Preparing to Thrive When Stagflation Strikes

Preparing to Thrive When Stagflation Strikes

Bob Prince, co-CIO of Bridgewater Associates (the world’s most successful hedge fund), has a very thought-provoking article published recently on Financial Times. He’s joined the chorus of analysts, central bankers and everyday folks convinced that the global economy is teetering on the brink of, or already toppled over the edge of, a stagflationary precipice.

That’s truly bad news. Even worse, most Americans saving and investing today simply haven’t seen an economy wracked by stagflation. They don’t know what to expect, or how to prepare.

Fortunately, Prince has some actionable suggestions.

What is stagflation?

Stagflation is a toxic brew of high inflation and economic stagnation (stagnation + inflation = stagflation). Normally, these two fiscal forces strike at different times. High inflation is typically a symptom of a booming economy and a tight labor market. Stagnation, on the other hand, a period of low-to-negative economic growth, usually co-exists with low inflation and high unemployment. Stagflation is the worst of both economic conditions.

Prince describes stagflation like this:

a high level of nominal spending growth cannot be met by the quantity of goods produced, resulting in above-target inflation. Policymakers are not able to simultaneously achieve their inflation and growth targets, forcing them to choose between the two.

Fortunately, stagflation is a relatively unusual phenomenon.

Unfortunately, it’s also the correct way to describe some of the worst economic episodes in American history, including the Great Depression.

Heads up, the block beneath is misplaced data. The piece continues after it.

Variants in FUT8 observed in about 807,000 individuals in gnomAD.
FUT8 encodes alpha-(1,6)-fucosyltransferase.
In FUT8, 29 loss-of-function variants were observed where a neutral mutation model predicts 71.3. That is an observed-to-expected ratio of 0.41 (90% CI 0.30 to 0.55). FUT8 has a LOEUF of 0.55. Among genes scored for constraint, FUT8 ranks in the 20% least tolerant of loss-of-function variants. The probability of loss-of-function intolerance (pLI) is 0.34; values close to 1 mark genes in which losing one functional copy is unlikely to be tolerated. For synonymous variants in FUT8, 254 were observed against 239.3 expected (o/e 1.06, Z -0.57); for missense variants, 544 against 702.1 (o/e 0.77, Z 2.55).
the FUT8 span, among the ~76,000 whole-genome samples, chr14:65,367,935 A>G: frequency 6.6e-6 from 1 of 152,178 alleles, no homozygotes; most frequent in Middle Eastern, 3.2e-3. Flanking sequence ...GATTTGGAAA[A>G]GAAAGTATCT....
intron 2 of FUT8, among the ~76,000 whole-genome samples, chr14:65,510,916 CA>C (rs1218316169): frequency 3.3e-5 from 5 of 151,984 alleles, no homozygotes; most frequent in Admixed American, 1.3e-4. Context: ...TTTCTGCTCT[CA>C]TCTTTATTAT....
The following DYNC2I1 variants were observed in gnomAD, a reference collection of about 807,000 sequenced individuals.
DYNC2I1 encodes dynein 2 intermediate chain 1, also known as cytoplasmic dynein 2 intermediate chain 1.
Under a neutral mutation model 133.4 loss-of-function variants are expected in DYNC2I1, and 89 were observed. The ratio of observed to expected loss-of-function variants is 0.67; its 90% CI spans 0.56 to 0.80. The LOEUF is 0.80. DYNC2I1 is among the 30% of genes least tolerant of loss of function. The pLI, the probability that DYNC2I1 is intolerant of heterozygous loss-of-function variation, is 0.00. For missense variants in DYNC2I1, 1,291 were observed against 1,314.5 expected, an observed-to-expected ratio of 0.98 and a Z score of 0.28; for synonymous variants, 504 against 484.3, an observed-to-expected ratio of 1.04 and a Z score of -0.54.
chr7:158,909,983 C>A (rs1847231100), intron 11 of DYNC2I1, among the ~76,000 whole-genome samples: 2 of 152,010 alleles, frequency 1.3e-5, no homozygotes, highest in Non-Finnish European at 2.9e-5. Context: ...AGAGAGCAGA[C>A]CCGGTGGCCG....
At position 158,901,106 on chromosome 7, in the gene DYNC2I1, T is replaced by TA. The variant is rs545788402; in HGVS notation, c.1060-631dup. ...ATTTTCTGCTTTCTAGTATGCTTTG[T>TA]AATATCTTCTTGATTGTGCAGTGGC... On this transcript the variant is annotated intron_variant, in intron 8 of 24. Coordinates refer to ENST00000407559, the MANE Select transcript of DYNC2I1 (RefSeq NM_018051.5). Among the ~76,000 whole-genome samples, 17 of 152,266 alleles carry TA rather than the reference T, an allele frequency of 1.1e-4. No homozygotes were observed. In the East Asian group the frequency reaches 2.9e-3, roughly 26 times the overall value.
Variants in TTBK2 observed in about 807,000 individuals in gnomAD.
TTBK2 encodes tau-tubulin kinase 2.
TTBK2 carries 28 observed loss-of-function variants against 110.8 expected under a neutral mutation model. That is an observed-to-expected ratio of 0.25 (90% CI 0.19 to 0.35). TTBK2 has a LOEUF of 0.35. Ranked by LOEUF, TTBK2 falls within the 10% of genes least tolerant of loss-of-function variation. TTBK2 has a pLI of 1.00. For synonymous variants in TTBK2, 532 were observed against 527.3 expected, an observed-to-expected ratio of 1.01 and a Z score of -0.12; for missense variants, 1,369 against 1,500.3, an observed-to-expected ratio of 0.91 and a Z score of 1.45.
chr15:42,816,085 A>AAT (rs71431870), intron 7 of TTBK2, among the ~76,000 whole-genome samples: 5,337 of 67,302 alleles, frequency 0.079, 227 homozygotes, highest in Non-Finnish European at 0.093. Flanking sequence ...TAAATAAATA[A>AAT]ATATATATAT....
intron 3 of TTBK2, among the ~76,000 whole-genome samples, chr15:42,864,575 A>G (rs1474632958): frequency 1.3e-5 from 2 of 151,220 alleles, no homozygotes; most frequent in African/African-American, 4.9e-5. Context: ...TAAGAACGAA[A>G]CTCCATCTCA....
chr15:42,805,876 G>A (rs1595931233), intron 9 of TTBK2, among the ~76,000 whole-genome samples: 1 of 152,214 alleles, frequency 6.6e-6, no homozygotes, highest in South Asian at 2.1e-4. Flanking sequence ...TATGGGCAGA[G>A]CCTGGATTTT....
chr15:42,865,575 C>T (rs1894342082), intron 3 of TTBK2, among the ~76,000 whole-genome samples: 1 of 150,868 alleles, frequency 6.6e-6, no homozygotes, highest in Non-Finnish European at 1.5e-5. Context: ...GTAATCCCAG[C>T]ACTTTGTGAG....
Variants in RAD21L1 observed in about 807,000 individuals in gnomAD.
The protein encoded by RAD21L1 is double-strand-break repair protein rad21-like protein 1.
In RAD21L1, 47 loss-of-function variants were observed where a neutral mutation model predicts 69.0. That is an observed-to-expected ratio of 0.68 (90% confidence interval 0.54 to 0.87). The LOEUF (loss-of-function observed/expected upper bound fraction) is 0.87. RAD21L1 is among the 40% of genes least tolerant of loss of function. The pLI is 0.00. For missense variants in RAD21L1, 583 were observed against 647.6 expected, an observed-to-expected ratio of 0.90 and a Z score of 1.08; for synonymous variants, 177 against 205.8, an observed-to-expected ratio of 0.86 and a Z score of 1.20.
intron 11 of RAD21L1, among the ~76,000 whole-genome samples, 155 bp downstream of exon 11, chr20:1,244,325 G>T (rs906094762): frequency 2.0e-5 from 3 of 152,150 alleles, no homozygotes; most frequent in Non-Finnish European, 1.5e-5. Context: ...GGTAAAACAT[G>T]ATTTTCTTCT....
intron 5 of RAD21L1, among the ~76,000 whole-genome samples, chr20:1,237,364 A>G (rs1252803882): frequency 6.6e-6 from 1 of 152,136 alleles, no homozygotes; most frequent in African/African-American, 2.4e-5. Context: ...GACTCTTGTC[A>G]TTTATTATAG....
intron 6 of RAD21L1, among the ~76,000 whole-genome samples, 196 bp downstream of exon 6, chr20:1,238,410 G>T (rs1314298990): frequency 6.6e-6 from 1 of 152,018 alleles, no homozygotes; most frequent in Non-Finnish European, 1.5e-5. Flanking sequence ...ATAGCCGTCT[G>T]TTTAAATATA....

Why is stagflation a fait accompli?

Because worldwide economies are weakening, slowing due to a combination of factors:

  • Ongoing Covid lockdowns (especially in China)
  • Supply chain disruptions
  • Russia’s invasion of Ukraine and Western financial sanctions in response
  • Massive, global deficit spending in the early stages of the pandemic panic

These forces have fueled global inflation. Prices are surging at 41-year record levels in the U.S. Canada isn’t far behind. The Euro zone is seeing the highest inflation since its inception in 2001.

Global central banks are slowly responding to rising prices by raising interest rates, in an effort to “cool down” overheating economies. However, it’s already too late. Yes, the global economy was overheating — but ran out of gas about the same time central banks started hitting the brakes.

Subsequently, instead of slowing the economy smoothly to cruising speed, it’s looking more and more like the global economic system will shudder to a full stop (or possibly shudder and shimmy along like a beginner learning to drive a car with a manual transmission).

Here’s what Bridgewater recommends to preserve our savings

To begin with, Prince warns us, everything we thought we knew about investing is wrong:

Historically, equities have been the worst-performing asset in stagflationary periods, because they are vulnerable to both falling growth and rising inflation. Other predominantly growth-sensitive assets like credit and real estate also perform poorly.

Well, what about bonds, the historical counterweight to risky equities?

Nominal bonds are closer to flat in such environments. This reflects the cross-cutting influences of falling growth that typically leads to easing and falling rates, weighed against rising inflation expectations which usually put pressure on rates to rise. As rates increase generally, the yields on existing bonds can appear less attractive, pushing prices down.

“Close to flat” isn’t what we want, especially when “flat” means “negative after inflation.”

If that’s what doesn’t work, then what does?

Inflation-linked bonds and gold perform the best, with the former benefiting from both weak growth and rising inflation… index-linked bonds, gold, and commodities giving investors better relative returns regardless of how policymakers respond.

Just for historical comparison purposes, gold’s price rose 400% over just four years during the last episode of stagflation in the U.S. (1971-1975). There’s a reason investors and central banks around the world rely on gold. Gold’s historical track record as a safe-haven investment deserves scrutiny.

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